Drinking plenty of fluids has been among the top recommended strategies for preventing urinary tract infections (UTIs). But how much water is enough? Drinking an additional three pints of water a day may keep the urinary tract infection (UTI) away, at least for women who are prone, according to a study presented at a 2017 Infections Diseases Society of America conference (ID Week 2017).
The study found women at risk of UTIs who increased their water intake by about that much water every day were nearly half as likely to get UTIs as women who did not.
“While doctors have long assumed this is the case and often recommended that women at risk for UTIs increase their fluid intake, it’s never really undergone a prospective trial before,” said Thomas M. Hooton, MD, lead author of the study and clinical director of the Division of Infectious Diseases, University of Miami School of Medicine. “It’s good to know the recommendation is valid, and that drinking water is an easy and safe way to prevent an uncomfortable and annoying infection.”
Why Women Are Prone to UTIs
UTIs plague far more women then men. Add older age to the mix and women become even more vulnerable to these annoying infections. There are number of reasons for this increased risk, including issues with immune response, hormones, and other conditions that can trigger a UTI.
“Our immune system does not work as well as it did when we were younger,” explains Maija Sanna, MD, a specialist in geriatric medicine at UCLA. “This increases the risk for many infections, including UTIs. In addition, bladder prolapse, urinary retention, and urinary incontinence add to infection risk.”
The shifting hormones of menopause are also to blame. Without estrogen, bacteriahave an easier time living in the urethra and vagina. Conditions such as diabetes, may contribute to the increased rate of UTIs in older women as well.
With all those risk factors for getting a UTI, it may seem impossible to not get an infection. But knowing the whys of UTIs points to treatment and prevention options.
Is It a UTI or Something Else?
UTI symptoms, such as urinary urgency and frequency, can be caused not only by UTIs but also other factors such as caffeine and alcohol, which are bladder stimulants. “If urinary urgency and frequency do not improve with a reduction in bladder stimulants, see your doctor make sure you do not have a UTI,” recommends Dr. Sanna. “Signs that you should go in immediately for evaluation include fever, inability to urinate, severe urinary pain or blood in the urine.”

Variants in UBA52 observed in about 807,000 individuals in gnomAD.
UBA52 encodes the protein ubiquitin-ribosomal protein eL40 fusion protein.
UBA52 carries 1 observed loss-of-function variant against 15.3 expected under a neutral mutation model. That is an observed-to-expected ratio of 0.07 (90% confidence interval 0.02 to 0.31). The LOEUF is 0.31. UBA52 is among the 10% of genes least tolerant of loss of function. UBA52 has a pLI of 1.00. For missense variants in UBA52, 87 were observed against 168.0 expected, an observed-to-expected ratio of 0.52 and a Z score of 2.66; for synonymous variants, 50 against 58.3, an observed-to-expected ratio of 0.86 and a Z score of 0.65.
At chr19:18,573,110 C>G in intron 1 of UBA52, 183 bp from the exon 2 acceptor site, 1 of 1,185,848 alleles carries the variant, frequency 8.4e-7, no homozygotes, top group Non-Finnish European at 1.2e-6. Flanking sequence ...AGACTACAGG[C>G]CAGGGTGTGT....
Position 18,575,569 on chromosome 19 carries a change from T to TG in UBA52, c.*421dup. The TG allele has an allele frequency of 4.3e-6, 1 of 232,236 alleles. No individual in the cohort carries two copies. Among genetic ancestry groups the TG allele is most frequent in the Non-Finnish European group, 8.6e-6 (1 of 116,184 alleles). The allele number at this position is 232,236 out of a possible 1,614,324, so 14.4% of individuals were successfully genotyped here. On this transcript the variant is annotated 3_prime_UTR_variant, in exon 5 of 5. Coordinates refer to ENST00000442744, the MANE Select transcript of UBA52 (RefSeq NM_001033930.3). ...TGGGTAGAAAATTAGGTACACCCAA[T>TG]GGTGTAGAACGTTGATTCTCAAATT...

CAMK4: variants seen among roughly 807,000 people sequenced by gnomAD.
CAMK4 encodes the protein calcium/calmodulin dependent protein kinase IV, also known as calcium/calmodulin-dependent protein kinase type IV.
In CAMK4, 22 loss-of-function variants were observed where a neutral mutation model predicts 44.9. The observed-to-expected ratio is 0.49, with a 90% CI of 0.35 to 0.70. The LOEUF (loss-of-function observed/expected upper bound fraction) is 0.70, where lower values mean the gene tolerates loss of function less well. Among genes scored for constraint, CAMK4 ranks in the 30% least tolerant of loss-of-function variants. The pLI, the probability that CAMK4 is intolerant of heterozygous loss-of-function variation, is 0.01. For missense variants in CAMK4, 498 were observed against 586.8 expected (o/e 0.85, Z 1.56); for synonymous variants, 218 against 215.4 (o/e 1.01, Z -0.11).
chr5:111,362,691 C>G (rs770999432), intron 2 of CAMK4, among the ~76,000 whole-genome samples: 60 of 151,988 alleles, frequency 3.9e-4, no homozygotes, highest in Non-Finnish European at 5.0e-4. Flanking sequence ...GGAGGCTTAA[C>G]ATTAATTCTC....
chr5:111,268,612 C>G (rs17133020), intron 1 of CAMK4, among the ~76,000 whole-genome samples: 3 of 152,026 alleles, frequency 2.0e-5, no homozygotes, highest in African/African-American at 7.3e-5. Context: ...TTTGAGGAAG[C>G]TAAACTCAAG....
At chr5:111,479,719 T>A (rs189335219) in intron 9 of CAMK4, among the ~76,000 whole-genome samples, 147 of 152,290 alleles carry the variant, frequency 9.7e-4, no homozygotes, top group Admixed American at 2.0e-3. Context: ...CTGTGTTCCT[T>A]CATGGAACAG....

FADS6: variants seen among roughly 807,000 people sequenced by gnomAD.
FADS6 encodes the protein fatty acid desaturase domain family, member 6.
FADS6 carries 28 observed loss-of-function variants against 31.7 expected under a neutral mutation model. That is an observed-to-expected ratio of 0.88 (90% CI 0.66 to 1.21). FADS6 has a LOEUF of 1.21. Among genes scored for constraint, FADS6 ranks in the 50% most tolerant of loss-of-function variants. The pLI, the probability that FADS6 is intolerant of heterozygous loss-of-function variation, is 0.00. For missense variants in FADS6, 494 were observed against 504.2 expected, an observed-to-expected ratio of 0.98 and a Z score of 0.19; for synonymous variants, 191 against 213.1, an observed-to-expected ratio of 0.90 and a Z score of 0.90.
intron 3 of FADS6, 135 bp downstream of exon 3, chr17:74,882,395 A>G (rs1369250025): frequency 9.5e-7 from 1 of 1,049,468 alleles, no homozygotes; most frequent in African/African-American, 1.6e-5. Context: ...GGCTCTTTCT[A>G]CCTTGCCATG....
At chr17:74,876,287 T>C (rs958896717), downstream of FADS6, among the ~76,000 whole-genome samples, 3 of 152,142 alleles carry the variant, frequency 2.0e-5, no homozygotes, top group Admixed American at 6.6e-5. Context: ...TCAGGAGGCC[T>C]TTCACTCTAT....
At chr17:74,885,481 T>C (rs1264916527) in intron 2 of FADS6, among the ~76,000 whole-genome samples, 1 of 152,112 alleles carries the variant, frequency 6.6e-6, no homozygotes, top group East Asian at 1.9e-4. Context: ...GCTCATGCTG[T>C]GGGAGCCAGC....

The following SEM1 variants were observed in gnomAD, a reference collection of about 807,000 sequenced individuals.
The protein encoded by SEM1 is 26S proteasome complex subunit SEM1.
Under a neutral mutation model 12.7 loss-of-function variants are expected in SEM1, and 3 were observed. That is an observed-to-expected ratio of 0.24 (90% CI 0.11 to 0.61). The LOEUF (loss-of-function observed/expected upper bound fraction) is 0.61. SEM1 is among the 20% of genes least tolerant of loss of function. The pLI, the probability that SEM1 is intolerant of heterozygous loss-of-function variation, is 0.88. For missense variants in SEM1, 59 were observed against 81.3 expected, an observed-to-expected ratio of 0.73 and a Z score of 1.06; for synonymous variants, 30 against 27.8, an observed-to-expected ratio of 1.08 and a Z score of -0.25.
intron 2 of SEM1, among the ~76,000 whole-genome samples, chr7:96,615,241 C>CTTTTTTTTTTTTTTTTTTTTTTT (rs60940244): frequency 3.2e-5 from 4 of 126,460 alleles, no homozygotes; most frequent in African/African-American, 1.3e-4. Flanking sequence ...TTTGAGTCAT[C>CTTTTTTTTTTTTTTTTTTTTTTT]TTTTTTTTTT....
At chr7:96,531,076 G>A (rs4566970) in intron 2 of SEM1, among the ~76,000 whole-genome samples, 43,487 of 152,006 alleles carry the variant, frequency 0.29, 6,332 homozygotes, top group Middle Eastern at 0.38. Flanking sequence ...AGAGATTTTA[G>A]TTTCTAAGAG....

Home Test Kits Can Be Useful
At-home urine dipstick tests can be purchased without a prescription but they need to be used in consultation with your physician. These tests because they can help rule out whether an infection is causing the burning, itching and/or painful symptoms. The dipsticks can quickly give information about the presence of bacteria, blood, and inflammatory cells in the urine. They’re not 100 percent, nor are they specific as to what is causing the infection, but if it’s negative the chances are very low that you have a bacterial infection.
If the test kit does detect an infection, the next step is a physician-ordered urine culture. This step is extremely important. Some physicians may bypass it and prescribe a broad-spectrum antibiotic, which, as the name implies, kills a wide array of bacteria. The problem with that approach is twofold: one, it wipes out a lot bacteria that may not be the root cause, and two, it may not get rid of the actual bacteria that is causing the infection. A urine culture that identifies the offending organism enables a physician to select a targeted medication.
SOURCES & RESOURCES
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Putting a Pause on Antibiotics
Antibiotic overuse and misuse have to led the rise of ‘superbugs,’ which are bacteria that no longer respond to common medications. Antibiotics certainly have their place in as treatments, especially for serious bacterial infections. But sometimes, the body can clear UTIs, and other minor bacterial infections, on its own. Recent research from the University of Amsterdam found that women 70% of study participants who did not take antibiotics were cured or better after a week. It’s important to note that these were women with uncomplicated UTIs. The study appeared in BioMed Central’s open access journal BMC Family Practice.
Estrogen May Be a Treatment Option
Estrogen stimulates the body’s own defense mechanisms within the urinary tract, according to a study from the Karolinska Institute in Sweden. The bacteria that cause UTIs must first reach the bladder, which is lined with epithelial cells. These cells have two important jobs in protecting the bladder against infection: they form a barrier to block intruders, and they produce antimicrobial peptides, which are the body’s own natural antibiotics.
According to the research, the epithelial cells in postmenopausal women are more fragile and easily damaged. With gaps between the cells, bacteria can more easily reach the bladder. Less estrogen also means lower levels of antimicrobial peptides.
But when the researchers treated with women estrogen for 14 days, the gaps between the cells were fewer, creating a better shield against invading bacteria. The body’s own defense system is better able to fight infections.
Estrogen can be prescribed in various formulations. Local estrogen such as vaginal estrogen creams, tablets, and the estrogen ring are preferred over oral estrogen or estrogen patches, which will carry more side effects and risk. The vaginal ring stays in place for three months while the tablets and creams are used a few times a week.